An hour and a half later we arrived at the Little Neema River. The downpour had lightened steady drizzle. Pickup trucks lined both sides of the road. There was barely enough daylight to see the silhouette of forested hills around us. We got out of Matt’s pickup and gathered our gear. Then, with Matt in the lead, we crossed the highway and plunged through a narrow opening in the underbrush onto an equally narrow and brush-choked trail that led to the river. We emerged at the edge of a pasture, the river still some distance away.
Matt marched into the muddy pasture. Andy tilted and flapped behind him as he tried to maneuver through the mess. I tipped, reached for balance and found myself in mud up to my wrist before I was able to right myself and pull out. I detected the faint but unmistakable aroma of cow dung.
Everyone’s boots made horrid sucking sounds as we forged through the muck toward the Little Neema. After considerable effort we arrived at its bank, all of us a little the worse from the trek. Andy and I panted. Matt, ten years his brother’s junior, lit a cigarette and began messing with his tackle. Men lined the banks, completely silent and still. Only the occasional glow of a cigarette ember belied a living presence. And then I heard that first juicy smack on the water—the beckoning Siren that would punctuate our day. Something moved quickly in the dark pewter river—a dorsal fin zigging and zagging its way upstream. I spotted another fin, then another, followed by a second resounding plop.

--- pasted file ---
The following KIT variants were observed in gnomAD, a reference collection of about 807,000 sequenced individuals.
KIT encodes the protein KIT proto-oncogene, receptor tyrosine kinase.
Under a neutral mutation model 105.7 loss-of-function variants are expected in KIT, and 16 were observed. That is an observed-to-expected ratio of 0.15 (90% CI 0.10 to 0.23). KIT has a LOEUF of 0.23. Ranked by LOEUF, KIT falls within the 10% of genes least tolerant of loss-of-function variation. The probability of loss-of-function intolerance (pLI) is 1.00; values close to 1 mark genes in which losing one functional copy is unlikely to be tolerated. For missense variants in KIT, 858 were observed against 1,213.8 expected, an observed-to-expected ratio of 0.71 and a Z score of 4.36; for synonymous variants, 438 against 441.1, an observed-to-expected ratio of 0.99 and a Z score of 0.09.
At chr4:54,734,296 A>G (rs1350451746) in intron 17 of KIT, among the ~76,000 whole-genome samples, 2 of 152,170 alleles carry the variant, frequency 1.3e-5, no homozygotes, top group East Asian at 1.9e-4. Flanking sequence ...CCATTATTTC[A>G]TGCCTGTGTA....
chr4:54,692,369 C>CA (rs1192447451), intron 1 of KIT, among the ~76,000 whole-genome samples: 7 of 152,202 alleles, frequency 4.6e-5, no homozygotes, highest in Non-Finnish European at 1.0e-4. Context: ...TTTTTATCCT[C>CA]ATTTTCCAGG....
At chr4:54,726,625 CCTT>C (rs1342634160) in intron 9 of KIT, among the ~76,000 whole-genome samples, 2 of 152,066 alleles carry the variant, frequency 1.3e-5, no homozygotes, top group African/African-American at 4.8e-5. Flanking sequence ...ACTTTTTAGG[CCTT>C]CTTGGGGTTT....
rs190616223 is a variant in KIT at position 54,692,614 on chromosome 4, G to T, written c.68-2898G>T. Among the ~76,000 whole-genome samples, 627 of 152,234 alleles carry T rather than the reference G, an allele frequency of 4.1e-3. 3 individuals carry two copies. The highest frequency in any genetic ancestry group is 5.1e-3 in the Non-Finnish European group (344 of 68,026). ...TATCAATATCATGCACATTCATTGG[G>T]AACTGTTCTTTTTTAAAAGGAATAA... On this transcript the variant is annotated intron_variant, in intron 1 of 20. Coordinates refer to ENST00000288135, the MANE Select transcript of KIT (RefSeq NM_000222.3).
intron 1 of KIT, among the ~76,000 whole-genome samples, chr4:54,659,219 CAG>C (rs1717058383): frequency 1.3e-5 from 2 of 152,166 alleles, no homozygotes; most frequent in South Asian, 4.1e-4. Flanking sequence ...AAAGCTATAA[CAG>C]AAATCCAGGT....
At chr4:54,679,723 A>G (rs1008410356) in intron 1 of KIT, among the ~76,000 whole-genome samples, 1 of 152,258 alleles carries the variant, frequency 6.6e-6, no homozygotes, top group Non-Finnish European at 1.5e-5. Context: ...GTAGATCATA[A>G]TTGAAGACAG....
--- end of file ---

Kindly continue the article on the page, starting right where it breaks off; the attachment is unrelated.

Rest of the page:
Then, as if by some unspoken agreement, men began to move on the riverbank, and there were sounds besides the river and the fish—gear shuffling, muffled greetings and conversations. Sunrise (although you’d never know it). Fishing legally commenced.
A native Northwesterner, I’d known about the salmon cycle all my life. The fish eggs hatch in freshwater streams, and while still quite young the smolts travel to the Pacific Ocean where they mature into the juicy delicacies we enjoy at table. At optimum maturity the fish return to freshwater and travel upstream to spawn. Remarkably, by some internal programming, these creatures return to the exact same place where they were spawned. There they do whatever salmon do to ensure the existence of a new generation, then die.
The end of the salmon trail is pretty rank. By the time the fish reach their destinations they are beat up, worn out and half dead. That they have the energy to procreate astounds me. However, this process is solid proof to me that God exists. How else could such miraculous things happen?
Despite the many huge dams punctuating western rivers (particularly the Columbia River) over the past 50 years, many fish still achieve their homing goals. Trying to get past the dams, most salmon die along the way and their numbers have dwindled to dangerously low levels. When I was a kid riding along the Columbia to Portland with my parents, I used to watch the Native Americans standing on rocks at Celilo Falls spearing and netting migrating fish as fast as they could haul them in. To the local tribes, salmon were deeply rooted in the native spiritual practices. Salmon were their food, their economy, their religion.
Now there are dams, and the salmon populations are considerably less. Yet there I stood along a river full of migrating salmon. And we still got to catch a few. And keep them. Another miracle. That day. The fact that many types of wild salmon are endangered, or at least threatened species barely occurred to me. I could see them in the river. Oodles of them! They were going upriver to die, so who was I to question the bounty?